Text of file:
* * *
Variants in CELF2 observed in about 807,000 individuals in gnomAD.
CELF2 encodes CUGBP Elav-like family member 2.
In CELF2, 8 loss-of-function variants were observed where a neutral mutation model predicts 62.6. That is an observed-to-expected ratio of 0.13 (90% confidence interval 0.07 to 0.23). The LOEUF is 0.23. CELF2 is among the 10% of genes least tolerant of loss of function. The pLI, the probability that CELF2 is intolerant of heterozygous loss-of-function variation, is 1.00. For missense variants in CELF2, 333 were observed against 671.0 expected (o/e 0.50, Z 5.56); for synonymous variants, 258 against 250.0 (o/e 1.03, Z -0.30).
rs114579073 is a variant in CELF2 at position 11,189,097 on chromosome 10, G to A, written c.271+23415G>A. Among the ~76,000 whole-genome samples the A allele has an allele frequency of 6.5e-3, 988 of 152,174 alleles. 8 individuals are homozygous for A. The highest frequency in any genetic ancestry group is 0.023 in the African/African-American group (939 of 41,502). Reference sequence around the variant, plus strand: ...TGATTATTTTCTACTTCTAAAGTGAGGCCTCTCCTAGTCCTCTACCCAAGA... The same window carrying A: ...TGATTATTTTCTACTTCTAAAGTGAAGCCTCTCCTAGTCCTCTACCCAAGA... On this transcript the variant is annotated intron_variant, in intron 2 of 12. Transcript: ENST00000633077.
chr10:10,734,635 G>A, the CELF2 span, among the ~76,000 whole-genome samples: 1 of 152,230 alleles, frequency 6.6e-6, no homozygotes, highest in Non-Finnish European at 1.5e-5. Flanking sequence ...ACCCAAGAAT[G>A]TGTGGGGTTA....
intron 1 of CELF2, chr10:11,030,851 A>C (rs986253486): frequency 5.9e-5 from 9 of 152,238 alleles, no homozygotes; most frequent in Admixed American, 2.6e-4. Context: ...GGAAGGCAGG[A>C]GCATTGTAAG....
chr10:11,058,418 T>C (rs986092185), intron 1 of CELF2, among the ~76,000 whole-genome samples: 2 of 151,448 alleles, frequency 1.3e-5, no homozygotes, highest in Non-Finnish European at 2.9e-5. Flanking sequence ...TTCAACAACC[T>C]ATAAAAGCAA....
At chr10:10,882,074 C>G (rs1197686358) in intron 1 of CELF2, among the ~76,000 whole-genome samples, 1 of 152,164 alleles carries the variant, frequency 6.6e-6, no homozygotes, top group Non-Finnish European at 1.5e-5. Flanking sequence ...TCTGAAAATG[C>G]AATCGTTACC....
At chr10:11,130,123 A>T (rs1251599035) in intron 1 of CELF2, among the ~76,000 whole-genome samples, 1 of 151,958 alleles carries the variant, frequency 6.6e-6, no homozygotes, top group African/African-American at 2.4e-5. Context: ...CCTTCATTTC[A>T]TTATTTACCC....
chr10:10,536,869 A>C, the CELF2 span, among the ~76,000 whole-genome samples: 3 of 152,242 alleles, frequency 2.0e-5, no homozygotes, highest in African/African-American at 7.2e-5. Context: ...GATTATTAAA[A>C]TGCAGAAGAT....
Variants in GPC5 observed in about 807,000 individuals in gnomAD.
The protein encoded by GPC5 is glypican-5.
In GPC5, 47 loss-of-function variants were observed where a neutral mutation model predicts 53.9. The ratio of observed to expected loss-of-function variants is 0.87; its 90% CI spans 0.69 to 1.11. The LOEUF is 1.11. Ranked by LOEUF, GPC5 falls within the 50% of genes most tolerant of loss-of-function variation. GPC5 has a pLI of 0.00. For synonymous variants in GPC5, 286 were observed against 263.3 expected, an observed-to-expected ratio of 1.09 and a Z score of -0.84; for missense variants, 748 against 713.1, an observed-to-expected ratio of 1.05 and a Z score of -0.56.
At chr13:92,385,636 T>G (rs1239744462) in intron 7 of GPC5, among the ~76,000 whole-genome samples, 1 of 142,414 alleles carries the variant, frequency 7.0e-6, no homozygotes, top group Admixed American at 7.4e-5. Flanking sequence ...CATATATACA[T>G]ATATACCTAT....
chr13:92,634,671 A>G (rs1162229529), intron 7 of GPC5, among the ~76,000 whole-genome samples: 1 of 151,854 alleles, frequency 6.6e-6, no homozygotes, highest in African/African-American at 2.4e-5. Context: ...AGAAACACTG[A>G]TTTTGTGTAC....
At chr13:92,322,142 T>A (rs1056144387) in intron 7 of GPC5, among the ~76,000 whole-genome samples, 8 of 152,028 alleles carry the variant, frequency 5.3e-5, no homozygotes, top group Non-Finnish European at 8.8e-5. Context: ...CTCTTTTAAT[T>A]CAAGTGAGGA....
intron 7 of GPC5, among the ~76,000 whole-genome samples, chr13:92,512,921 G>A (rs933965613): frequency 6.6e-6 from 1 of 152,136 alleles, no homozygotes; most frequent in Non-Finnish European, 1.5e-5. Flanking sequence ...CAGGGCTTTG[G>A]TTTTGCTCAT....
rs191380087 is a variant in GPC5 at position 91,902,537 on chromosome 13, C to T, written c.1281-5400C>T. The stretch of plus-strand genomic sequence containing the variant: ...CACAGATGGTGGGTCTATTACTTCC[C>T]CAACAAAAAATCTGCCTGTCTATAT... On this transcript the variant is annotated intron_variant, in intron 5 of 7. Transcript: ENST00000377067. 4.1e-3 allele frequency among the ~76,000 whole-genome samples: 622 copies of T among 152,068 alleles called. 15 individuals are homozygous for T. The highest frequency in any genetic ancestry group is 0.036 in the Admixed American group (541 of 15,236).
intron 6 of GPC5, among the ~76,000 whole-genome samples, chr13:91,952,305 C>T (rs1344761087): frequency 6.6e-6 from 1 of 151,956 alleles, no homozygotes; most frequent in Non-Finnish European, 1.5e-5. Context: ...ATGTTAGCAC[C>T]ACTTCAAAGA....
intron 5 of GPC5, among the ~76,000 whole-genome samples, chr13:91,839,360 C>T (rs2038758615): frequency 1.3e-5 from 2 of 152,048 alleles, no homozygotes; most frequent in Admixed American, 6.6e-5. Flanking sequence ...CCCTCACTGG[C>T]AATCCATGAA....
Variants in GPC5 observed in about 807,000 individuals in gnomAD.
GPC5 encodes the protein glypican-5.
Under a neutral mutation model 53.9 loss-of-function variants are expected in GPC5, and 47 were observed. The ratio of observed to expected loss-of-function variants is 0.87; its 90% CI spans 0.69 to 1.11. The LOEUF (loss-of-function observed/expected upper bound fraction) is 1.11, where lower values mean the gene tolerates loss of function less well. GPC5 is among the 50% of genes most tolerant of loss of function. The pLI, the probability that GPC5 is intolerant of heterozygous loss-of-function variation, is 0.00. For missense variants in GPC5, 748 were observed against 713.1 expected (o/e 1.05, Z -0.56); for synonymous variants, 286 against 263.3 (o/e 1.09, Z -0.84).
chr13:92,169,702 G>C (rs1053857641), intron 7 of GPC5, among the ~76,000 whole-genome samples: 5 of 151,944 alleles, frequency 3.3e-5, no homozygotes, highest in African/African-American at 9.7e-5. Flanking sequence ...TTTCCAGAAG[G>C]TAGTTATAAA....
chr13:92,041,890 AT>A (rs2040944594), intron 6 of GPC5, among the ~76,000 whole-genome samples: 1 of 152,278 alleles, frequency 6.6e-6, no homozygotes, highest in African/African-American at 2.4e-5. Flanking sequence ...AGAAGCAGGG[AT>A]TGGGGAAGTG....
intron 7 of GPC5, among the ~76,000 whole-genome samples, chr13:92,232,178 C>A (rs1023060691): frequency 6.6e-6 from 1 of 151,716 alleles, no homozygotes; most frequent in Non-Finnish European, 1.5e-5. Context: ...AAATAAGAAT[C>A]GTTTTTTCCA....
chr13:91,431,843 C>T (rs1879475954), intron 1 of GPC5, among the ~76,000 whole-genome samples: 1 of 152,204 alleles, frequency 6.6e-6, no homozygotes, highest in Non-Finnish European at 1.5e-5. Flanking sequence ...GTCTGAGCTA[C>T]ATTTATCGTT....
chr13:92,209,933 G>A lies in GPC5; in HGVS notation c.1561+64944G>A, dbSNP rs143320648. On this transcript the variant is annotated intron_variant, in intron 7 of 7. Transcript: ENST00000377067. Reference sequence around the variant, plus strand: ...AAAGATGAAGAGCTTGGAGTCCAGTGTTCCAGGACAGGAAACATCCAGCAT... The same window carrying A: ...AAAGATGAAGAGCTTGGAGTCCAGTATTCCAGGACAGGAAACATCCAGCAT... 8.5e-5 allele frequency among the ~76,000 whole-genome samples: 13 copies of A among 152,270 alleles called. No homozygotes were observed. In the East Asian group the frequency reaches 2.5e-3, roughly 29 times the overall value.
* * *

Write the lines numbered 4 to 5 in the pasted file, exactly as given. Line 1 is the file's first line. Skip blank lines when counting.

rs114579073 is a variant in CELF2 at position 11,189,097 on chromosome 10, G to A, written c.271+23415G>A. Among the ~76,000 whole-genome samples the A allele has an allele frequency of 6.5e-3, 988 of 152,174 alleles. 8 individuals are homozygous for A. The highest frequency in any genetic ancestry group is 0.023 in the African/African-American group (939 of 41,502). Reference sequence around the variant, plus strand: ...TGATTATTTTCTACTTCTAAAGTGAGGCCTCTCCTAGTCCTCTACCCAAGA... The same window carrying A: ...TGATTATTTTCTACTTCTAAAGTGAAGCCTCTCCTAGTCCTCTACCCAAGA... On this transcript the variant is annotated intron_variant, in intron 2 of 12. Transcript: ENST00000633077.
chr10:10,734,635 G>A, the CELF2 span, among the ~76,000 whole-genome samples: 1 of 152,230 alleles, frequency 6.6e-6, no homozygotes, highest in Non-Finnish European at 1.5e-5. Flanking sequence ...ACCCAAGAAT[G>A]TGTGGGGTTA....